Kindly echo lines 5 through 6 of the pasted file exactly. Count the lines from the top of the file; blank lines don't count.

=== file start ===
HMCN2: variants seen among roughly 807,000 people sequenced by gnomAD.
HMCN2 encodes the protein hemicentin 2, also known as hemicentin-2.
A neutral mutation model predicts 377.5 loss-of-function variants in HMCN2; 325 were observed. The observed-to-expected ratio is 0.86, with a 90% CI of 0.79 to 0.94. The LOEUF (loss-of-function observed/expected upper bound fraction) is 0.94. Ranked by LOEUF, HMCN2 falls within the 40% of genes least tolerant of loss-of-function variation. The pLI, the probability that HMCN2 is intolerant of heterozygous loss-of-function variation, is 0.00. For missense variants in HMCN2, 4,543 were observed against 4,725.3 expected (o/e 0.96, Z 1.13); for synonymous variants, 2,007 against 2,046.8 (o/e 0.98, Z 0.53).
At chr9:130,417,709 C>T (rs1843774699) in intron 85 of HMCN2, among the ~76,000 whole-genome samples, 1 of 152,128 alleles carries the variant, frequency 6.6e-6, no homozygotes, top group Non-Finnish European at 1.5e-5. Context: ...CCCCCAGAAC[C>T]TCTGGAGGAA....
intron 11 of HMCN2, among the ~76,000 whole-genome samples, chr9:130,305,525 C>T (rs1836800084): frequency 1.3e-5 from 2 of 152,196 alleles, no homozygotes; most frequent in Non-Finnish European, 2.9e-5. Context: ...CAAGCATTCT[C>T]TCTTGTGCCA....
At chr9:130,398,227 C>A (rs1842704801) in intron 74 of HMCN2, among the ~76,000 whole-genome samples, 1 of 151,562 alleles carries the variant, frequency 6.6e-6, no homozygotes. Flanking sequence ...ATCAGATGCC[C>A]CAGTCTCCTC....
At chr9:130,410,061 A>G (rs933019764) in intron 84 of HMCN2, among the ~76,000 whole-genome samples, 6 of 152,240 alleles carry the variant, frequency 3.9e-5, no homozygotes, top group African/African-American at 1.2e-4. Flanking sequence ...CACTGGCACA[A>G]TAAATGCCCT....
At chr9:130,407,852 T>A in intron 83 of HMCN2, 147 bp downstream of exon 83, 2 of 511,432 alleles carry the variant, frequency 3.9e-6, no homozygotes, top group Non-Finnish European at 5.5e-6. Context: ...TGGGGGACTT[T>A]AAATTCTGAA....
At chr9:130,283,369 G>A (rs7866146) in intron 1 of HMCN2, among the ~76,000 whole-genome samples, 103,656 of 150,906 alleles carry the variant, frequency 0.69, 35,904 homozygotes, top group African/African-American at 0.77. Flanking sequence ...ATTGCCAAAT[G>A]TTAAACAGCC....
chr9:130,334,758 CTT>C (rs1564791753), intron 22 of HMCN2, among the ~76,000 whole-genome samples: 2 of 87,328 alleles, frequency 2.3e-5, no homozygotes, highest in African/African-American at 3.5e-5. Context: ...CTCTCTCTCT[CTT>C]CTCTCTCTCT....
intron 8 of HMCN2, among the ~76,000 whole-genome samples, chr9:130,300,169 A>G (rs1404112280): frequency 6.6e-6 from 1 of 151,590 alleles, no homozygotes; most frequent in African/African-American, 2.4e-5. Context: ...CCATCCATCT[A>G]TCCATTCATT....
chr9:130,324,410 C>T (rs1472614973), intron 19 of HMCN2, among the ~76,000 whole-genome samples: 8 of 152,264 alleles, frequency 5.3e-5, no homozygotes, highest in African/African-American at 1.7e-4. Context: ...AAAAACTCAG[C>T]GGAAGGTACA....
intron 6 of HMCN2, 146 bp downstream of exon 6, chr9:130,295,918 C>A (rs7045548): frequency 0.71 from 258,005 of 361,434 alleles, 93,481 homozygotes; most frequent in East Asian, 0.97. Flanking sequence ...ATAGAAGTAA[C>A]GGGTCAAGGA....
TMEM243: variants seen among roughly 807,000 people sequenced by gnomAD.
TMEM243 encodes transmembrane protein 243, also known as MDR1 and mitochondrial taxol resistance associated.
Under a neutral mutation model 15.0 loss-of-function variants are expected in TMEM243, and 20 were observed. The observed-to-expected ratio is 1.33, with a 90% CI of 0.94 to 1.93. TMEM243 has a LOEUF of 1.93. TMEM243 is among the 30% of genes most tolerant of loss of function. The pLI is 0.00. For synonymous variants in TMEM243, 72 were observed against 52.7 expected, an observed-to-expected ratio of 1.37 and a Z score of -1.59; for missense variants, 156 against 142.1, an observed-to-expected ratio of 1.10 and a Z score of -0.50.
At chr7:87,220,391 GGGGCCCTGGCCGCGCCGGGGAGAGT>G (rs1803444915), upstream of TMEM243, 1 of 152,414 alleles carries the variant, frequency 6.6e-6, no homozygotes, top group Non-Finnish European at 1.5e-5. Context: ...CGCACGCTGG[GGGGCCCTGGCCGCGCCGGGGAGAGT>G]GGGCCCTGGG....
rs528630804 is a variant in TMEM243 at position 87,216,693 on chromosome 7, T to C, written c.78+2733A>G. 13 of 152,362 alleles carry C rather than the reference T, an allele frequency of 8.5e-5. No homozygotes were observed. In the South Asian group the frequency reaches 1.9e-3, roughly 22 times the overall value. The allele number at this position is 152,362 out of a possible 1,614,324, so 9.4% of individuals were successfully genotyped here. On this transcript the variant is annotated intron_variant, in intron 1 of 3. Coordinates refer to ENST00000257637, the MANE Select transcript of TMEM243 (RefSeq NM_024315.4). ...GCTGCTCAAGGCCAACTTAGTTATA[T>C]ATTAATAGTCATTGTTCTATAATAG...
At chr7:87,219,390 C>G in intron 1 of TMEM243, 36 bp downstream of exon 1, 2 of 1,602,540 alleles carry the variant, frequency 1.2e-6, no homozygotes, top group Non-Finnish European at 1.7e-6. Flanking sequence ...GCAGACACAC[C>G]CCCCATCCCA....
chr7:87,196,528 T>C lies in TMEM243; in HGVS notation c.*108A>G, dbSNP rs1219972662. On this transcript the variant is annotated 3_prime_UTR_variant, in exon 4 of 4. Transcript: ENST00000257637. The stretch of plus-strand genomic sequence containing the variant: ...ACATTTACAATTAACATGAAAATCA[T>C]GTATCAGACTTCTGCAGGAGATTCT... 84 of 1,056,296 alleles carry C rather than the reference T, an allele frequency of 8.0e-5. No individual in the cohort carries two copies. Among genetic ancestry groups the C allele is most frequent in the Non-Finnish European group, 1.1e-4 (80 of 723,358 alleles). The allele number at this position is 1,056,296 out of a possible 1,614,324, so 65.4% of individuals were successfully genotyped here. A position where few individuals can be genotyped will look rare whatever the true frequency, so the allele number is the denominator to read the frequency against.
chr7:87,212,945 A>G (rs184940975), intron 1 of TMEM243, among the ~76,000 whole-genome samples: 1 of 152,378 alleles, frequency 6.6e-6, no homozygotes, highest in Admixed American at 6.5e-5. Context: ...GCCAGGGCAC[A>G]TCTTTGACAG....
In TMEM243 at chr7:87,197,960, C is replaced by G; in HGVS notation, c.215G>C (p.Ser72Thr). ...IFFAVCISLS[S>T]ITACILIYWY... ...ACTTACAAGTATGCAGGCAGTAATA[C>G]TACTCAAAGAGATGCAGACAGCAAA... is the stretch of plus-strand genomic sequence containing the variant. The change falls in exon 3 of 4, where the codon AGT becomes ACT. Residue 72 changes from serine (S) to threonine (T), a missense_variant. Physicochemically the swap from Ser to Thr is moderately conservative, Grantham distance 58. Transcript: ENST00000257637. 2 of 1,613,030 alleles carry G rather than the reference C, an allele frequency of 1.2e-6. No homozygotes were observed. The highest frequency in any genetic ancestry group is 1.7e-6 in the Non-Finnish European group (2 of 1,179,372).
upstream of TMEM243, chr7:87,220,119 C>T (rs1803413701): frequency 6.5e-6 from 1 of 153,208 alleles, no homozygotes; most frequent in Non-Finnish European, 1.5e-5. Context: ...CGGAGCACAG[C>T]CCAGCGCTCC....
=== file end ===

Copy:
intron 11 of HMCN2, among the ~76,000 whole-genome samples, chr9:130,305,525 C>T (rs1836800084): frequency 1.3e-5 from 2 of 152,196 alleles, no homozygotes; most frequent in Non-Finnish European, 2.9e-5. Context: ...CAAGCATTCT[C>T]TCTTGTGCCA....
At chr9:130,398,227 C>A (rs1842704801) in intron 74 of HMCN2, among the ~76,000 whole-genome samples, 1 of 151,562 alleles carries the variant, frequency 6.6e-6, no homozygotes. Flanking sequence ...ATCAGATGCC[C>A]CAGTCTCCTC....